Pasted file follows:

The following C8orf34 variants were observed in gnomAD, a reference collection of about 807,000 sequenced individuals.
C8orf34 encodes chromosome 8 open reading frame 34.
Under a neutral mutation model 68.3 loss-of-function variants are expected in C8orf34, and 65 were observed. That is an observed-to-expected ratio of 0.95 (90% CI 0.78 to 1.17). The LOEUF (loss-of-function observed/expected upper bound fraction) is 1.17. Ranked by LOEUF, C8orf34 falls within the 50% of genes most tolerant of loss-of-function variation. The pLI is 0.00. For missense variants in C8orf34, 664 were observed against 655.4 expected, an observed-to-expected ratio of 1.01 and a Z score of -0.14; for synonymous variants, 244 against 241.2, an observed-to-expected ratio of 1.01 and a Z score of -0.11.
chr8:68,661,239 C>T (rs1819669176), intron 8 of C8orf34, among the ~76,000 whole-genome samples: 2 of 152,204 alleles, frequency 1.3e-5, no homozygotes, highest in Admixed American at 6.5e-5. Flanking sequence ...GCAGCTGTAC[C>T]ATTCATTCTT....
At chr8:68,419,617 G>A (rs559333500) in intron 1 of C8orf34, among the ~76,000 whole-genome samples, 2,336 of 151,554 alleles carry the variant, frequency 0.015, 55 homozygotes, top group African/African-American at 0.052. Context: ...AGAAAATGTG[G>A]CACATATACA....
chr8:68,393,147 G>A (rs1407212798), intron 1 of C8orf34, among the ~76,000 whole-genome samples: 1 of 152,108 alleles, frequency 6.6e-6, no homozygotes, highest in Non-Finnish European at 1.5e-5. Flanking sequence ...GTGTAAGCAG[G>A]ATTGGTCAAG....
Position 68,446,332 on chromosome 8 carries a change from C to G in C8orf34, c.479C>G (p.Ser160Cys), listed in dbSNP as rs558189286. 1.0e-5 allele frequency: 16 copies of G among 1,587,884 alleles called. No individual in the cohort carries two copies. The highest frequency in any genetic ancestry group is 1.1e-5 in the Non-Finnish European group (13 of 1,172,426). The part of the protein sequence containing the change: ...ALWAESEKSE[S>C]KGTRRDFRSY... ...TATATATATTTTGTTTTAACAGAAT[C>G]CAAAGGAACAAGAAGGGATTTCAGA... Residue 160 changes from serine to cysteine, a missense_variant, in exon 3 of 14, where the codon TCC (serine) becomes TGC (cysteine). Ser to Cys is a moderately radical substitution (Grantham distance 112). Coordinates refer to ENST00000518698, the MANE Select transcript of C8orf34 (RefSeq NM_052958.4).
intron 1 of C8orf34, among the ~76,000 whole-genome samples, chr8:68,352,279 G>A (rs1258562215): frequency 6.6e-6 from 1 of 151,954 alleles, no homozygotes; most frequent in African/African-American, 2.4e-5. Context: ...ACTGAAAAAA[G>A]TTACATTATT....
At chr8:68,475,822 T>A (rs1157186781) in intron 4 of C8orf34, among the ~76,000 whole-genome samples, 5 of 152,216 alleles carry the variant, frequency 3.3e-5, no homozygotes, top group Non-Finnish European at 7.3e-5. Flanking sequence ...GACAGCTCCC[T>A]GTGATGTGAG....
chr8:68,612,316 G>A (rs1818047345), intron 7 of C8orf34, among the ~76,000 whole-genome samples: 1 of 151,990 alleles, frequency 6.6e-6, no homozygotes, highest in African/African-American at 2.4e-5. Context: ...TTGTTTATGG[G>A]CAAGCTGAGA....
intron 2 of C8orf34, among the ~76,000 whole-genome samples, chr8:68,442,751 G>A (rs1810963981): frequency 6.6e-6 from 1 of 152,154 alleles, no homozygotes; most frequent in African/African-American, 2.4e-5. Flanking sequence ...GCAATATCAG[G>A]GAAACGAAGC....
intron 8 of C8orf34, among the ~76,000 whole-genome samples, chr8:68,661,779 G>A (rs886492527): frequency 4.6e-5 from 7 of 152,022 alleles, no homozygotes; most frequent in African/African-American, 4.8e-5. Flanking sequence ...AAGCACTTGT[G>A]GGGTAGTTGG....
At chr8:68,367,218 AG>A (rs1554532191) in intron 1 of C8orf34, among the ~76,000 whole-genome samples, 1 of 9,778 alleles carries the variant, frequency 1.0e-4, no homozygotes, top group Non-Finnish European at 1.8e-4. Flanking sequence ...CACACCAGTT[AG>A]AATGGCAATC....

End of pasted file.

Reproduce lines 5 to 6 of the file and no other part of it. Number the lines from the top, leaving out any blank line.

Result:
At chr8:68,419,617 G>A (rs559333500) in intron 1 of C8orf34, among the ~76,000 whole-genome samples, 2,336 of 151,554 alleles carry the variant, frequency 0.015, 55 homozygotes, top group African/African-American at 0.052. Context: ...AGAAAATGTG[G>A]CACATATACA....
chr8:68,393,147 G>A (rs1407212798), intron 1 of C8orf34, among the ~76,000 whole-genome samples: 1 of 152,108 alleles, frequency 6.6e-6, no homozygotes, highest in Non-Finnish European at 1.5e-5. Flanking sequence ...GTGTAAGCAG[G>A]ATTGGTCAAG....